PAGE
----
Death Valley

Notes by piero scaruffi | Other California attraction | Other California hikes | Photos


Contrary to common belief, Death Valley is not just a desert with the lowest depression in the American continent. There are waterfalls (Darwin Falls). There is a very high mountain (Telescope Peak). The desert has spectacular Sand Dunes (including Eureka Sand Dunes, the tallest in the northern emisphere).

The highest mountains are: Telescope Peak (and its sub-peaks Bennett Peak and Rogers Peak), Sentinel Peak (and its subpeak Porter Peak), Wildrose Peak (13.5 kms from the Charcoal Kilns on a regular trail), Tin Mountain (off Race Track Rd), Grapevine Peak (near Phinney Canyon, technically in Nevada), and Dry Mountain (off Race Track Rd).

California's highway 395 parallels the park from north to south, while California's highway 190 crosses the park from east to west. West of the park in California, SR 178 passes through Ridgecrest and Trona on its way north to a junction with 190. East of the park in Nevada, highway 95 parallels the park from north to south with connecting highways at Scotty's Junction (SR267), Beatty (SR 374), and Lathrop Wells (SR 373).

Eureka Sand Dunes cannot be reached from Death Valley proper. It requires driving north of Death Valley, to Bishop. The sand dunes that are located near Stovepipe Wells are much smaller, although no less fascinating.

My photos

Before you venture out on dirt roads, read Driving on Death Valley's dirt roads.

Main attractions:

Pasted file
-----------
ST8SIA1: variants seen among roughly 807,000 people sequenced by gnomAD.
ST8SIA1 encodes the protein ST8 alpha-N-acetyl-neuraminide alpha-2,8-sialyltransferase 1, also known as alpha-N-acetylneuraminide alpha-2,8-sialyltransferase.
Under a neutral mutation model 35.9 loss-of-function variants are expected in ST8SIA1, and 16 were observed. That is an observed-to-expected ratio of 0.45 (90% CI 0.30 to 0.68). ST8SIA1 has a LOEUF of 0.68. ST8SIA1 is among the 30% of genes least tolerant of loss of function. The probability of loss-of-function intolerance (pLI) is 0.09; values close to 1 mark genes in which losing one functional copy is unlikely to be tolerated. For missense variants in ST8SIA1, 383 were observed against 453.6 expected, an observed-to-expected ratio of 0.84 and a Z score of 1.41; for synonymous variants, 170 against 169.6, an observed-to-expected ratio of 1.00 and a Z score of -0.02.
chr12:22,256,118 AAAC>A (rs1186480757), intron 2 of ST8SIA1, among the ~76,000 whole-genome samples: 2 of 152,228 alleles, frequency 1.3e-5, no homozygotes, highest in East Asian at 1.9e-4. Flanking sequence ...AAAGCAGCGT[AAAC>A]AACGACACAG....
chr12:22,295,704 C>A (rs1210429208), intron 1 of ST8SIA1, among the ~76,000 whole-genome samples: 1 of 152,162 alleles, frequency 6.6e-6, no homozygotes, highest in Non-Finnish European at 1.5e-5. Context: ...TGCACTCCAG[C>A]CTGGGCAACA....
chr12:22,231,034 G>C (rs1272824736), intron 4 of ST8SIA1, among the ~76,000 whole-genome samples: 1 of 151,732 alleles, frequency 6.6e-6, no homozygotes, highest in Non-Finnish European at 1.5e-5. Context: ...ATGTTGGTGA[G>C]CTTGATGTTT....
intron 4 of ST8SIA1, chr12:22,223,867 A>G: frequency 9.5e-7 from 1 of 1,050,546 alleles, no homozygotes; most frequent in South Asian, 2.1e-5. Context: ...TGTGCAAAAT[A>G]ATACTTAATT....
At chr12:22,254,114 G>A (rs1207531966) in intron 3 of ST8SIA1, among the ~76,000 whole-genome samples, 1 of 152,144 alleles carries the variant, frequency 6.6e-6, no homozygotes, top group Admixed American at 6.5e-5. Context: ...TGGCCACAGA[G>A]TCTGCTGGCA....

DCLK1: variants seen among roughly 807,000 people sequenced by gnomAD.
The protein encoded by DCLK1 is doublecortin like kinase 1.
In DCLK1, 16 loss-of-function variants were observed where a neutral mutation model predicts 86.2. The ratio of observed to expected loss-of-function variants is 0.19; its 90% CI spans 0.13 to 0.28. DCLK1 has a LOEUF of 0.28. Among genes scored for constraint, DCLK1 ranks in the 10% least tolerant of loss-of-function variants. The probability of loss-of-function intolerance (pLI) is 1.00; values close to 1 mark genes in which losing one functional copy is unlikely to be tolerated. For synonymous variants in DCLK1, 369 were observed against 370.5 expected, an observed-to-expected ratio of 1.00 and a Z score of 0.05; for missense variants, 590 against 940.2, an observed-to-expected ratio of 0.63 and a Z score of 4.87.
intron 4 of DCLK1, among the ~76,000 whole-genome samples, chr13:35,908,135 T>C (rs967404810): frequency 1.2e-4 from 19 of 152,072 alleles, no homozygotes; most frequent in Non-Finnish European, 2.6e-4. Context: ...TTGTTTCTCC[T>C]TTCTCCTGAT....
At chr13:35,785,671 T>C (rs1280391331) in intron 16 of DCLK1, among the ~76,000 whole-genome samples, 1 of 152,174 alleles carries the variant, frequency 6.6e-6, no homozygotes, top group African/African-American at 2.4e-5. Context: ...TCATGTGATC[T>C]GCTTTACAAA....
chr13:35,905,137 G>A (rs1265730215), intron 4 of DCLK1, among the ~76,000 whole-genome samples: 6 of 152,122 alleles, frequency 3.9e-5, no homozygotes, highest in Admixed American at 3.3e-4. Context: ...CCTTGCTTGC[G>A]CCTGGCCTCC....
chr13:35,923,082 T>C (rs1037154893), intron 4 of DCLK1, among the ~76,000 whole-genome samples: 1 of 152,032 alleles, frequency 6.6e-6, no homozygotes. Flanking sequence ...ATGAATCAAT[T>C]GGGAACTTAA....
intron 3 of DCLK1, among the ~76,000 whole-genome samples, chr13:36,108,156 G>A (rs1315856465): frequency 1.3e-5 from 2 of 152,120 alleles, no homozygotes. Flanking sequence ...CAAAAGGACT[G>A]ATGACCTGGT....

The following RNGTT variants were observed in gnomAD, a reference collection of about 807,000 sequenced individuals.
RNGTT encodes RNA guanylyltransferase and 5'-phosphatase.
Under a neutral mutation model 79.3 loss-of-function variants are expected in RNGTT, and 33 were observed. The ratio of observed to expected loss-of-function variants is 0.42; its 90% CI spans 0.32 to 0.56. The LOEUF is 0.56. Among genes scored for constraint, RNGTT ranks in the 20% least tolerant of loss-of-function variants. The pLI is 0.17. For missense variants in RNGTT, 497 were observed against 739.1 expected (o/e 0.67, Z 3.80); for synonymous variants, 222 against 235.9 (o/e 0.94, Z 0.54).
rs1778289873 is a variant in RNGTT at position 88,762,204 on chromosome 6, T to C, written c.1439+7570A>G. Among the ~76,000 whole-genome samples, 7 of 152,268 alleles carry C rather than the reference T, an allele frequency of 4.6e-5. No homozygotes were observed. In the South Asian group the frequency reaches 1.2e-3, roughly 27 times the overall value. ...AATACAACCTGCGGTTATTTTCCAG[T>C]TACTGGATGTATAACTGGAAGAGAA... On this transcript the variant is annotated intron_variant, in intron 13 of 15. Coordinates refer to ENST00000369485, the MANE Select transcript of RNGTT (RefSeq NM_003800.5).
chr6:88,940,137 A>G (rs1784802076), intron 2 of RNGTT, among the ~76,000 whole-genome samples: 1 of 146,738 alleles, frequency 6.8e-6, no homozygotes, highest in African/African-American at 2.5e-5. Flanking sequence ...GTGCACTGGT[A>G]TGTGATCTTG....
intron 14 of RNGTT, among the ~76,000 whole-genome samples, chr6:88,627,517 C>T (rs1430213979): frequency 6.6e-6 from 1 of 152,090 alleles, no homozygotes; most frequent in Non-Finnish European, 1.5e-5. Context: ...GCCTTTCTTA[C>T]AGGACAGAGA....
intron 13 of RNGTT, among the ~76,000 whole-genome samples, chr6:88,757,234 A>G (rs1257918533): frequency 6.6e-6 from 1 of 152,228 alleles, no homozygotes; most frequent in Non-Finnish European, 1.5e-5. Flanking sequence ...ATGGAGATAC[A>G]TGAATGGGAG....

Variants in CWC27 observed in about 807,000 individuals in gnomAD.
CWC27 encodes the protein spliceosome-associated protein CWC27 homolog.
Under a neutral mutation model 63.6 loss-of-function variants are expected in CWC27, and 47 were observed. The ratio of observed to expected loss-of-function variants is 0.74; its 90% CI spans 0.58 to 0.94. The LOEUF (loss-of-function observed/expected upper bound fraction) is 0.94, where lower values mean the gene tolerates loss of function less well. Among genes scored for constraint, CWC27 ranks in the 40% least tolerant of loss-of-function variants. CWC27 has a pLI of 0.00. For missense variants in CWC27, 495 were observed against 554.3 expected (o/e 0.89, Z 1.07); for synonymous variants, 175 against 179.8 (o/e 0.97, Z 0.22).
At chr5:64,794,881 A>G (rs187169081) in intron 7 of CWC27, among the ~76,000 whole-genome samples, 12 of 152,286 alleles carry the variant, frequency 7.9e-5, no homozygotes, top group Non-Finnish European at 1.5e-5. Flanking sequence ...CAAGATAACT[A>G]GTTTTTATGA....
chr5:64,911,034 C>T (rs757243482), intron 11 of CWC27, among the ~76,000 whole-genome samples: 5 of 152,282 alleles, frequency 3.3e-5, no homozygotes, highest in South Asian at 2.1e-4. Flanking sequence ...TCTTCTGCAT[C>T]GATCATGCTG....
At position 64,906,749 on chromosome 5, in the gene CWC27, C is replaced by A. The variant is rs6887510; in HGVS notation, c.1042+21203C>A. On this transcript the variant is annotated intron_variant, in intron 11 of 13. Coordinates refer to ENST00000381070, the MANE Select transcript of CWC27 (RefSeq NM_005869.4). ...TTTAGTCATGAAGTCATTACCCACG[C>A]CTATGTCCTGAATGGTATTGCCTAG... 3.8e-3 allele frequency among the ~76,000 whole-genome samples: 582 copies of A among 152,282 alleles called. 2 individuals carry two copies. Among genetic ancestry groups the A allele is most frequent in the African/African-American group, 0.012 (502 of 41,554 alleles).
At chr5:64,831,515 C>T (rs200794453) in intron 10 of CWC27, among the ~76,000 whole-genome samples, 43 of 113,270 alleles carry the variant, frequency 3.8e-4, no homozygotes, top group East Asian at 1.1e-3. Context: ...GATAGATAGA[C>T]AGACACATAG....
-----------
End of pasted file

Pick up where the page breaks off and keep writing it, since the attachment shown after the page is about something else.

• Ubehebe Crater. You can run (or roll) down to the bottom (in literally a few minutes), but coming back up is not trivial (sandy, steep, last time took me 26').
  • Sunset at Dante's View (south of Zabriskie Point)
  • Zabriskie Point, one of the classic views of the desert
  • Badwater, south of Furnace Creek (lowest point in the USA), although there isn't much
  • Artist Drive, near Badwater
  • Mosaic Canyon, near Stovepipe Wells
  • Twenty Mule Team Canyon
  • Titus Canyon
  • Marble Canyon. See this page
  • Darwin Falls (near Panamint on highway 190). Yes, there are waterfalls in Death Valley, but of course they can be seen only in winter and early spring. The (unmarked) turnoff is 1 km northwest from the Panamint Springs resort (first dirt road on your left if you are coming from the resort). After about 4 kms, there is a parking lot on the right hand-side (and a sign "4WD only" on the road). Park and walk down to the creek bed, then turn left and follow the creek up into the canyon. The hike itself is only about 1.5 kms to the end of the canyon, where the first waterfall is. About 20m before that waterfall, one can climb up the rocks on the left. Climb straight up and you should intersect a use trail. That use trail takes both to the top and to the bottom of the second (much more spectacular) waterfall.
  • Sand Dunes. The most popular are near Stovepipe Wells (in the center of Death Valley), but the tallest (in the whole of North America) are the Eureka Sand Dunes. They can only be reached via a dirt road from the north. The Panamint Sand Dunes can only be reached by hiking (from the Lake Hill Rd in Panamint Springs).
  • A relatively short hike goes from Golden Canyon to Zabriskie Point (ideally via Red Cathedral) and it's one of the best to get the feeling of why Death Valley is called "death" valley. It is about 2kms to Red Cathedral. Use trails lead up the rocks (not terribly safe, but great views). Retrace your steps on the trail to stop number 10. That is the trailhead to Zabriskie Point (4 kms, well marked).